author inspiration – where does yours come from?
It takes all kinds of authors to write books; fat, thin, happy, sad, contented, dissatisfied. We’re all sequestered in a dark room somewhere banging the heck out of a keyboard and agonising over passive voice infestations. We’re a weird bunch and I’m undoubtedly the weirdest. I must be. I put a piece of cloth over my daft cat’s ears and took a snap on my phone. As she’s my closest writing companion – she must be weird too. See, I lack for nothing.
There’s a perception that we should be able to account for our story lines and complicated plots. I’ve been asked more than once, ‘How do you come up with this stuff?’ I usually open and close my mouth like a bemused trout and then make something up. ‘I dreamed it,’ doesn’t sound like a viable option sometimes, although on two occasions it’s definitely been true.
I never write fantasy and although I read it under duress as beta reading and editing favours for author friends, I’m much more the cozy mystery kinda gal. Yet right now, my ‘fun piece’ is a fantasy book. Yeah, weird hey? I sent my daughter the first 4 chapters yesterday and she messaged back. ‘I want more.’ That’s awesome. I just became a fantasy writer and you know what? I dreamed the whole thing.
But where did it all begin for K T Bowes?
I started writing as soon as I worked out what a pencil was for, probably aged 1. My beautiful stay-at-home mother gave me reading and writing lessons from the age of 2 when my baby sister had her nap. I remember that glorious hour in my childish day even now. We both knelt in front of a coffee table in a British Air Force married quarter on a disgusting patterned carpet in Carterton, Oxford and she taught me the alphabet. By the time I started school aged 4 I was already writing letters to my aunts and uncles which my lovely mother dutifully posted. I referred to my teacher’s phonetics teaching as ‘baby talk’ and at that young age refused to take part. The pattern was set, although I hope nowadays I have a more teachable spirit.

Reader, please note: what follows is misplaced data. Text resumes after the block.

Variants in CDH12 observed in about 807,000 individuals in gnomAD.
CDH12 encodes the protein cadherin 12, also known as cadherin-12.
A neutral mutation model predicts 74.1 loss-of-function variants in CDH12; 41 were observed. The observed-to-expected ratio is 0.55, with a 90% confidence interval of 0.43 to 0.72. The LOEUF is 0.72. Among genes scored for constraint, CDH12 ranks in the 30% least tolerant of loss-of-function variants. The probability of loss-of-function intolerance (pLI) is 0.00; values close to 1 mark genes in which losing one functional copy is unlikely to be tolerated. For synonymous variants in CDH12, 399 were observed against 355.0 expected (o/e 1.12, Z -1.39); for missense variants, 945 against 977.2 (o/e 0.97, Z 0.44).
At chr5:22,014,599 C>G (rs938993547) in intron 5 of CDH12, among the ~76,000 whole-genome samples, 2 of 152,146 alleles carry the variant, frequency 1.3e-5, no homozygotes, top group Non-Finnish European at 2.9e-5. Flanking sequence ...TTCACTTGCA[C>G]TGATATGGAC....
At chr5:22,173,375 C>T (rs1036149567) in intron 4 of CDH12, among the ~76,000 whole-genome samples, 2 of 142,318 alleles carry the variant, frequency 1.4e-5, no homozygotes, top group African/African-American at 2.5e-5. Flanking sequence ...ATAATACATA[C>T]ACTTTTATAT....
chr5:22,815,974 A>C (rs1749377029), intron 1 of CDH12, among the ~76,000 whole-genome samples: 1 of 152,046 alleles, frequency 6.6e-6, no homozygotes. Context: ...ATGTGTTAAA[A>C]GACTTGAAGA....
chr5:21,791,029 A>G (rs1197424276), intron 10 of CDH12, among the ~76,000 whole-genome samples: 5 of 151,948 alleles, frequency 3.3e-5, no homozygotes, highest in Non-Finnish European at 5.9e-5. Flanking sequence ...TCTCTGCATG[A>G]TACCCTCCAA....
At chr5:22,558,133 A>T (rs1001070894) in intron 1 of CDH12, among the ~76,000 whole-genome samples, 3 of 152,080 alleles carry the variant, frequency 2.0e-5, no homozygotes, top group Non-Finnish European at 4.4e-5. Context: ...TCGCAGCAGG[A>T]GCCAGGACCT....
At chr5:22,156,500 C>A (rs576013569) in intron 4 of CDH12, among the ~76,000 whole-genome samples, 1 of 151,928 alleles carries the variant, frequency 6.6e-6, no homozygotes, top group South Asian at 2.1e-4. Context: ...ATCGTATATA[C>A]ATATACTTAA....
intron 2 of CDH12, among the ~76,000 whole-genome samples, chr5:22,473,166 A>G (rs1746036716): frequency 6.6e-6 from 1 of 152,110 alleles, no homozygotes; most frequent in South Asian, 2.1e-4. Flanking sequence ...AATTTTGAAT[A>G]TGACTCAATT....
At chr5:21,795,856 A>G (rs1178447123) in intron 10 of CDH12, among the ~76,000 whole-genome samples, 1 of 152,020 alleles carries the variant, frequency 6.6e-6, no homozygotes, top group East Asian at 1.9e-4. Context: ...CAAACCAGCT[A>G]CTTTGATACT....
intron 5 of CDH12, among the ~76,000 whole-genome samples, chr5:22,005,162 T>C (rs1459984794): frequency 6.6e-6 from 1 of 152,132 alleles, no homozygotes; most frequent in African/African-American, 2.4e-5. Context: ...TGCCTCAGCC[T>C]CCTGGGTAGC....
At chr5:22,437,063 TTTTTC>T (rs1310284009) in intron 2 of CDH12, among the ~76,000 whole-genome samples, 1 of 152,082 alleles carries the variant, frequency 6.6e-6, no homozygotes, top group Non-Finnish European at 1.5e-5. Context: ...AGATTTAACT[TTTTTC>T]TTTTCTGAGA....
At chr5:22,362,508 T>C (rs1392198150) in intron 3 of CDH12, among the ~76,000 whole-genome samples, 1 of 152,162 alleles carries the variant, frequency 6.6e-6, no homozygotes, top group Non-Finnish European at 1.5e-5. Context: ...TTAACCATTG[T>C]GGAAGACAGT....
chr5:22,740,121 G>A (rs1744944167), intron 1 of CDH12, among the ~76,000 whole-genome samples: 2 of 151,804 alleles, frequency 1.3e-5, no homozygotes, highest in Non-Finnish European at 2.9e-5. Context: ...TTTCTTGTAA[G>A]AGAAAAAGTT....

Why can’t I communicate that story when asked? Why, when asked how long I’ve been writing, do I resort to the trite answer, ‘Always’?
Readers expect me to account for my desire to churn out novels as fast as they can read them and they’re right; I should be able to share my story. It marks out who I am and why I love this crazy pastime. I shouldn’t stutter over my experiences like I’ve just been asked a complicated maths question.
But I know I’m not alone. Many of us are able to pour ourselves, our experiences and our personalities into novels and poems, engaging readers who gag for more, whilst devaluing the trail which took us there as dull and not worth the retelling.
Don’t panic. I’m not launching an autobiography. I won’t be regaling you with the time a rescue helicopter was called to a West Wales cliff face because a friend and I found a quiet spot and did a bit of topless sunbathing. How were we to know the weirdo was peeping from above? And no, we didn’t see him plummet past and land on the rocks below because English degree students get really engrossed in their reading material.
Those of you who know me really well and have read The Hana Du Rose Mysteries know Hana comes straight from the heart. But you’ll also see my personality in Emma, especially when she grabs the stalker’s nuts and in Deleilah, teasing and cajoling the town cop. My own life and experiences are the inspiration for my author side because as a wonderful English teacher told me when I was 11, ‘Write about the things you know.’
So that must be my mantra when asked about the inspiration behind my novels. You are my inspiration; family, best friends, real situations added to a healthy dose of overactive imagination. I was bullied at my violent inner city high school and kidnapped with 2 friends at the age of 12; the first time Mum let me go to town by myself. I’ve lived in 4 different countries, married for life, raised 4 children and survived the teenager stage (nearly.)
Author inspiration is everywhere and I soak it up like a sponge without realising. Yes, if you offend me I’ll act like I always do; non-confrontational and probably overly submissive. But I’ll kill you in my next novel and it will be painful.
So, I’ll keep writing and hopefully you’ll keep reading and somewhere along the way, I’ll learn to give a better account of myself and my inspiration. I’m a work in progress but I’m getting there. Pinky promise.
K T Bowes is the NZ Author of quite a few novels based both in the UK and in NZ. She blogs about random stuff and tends not to value her own stuff, which is a bit of a shame. Check out her Amazon Author page and see for yourself.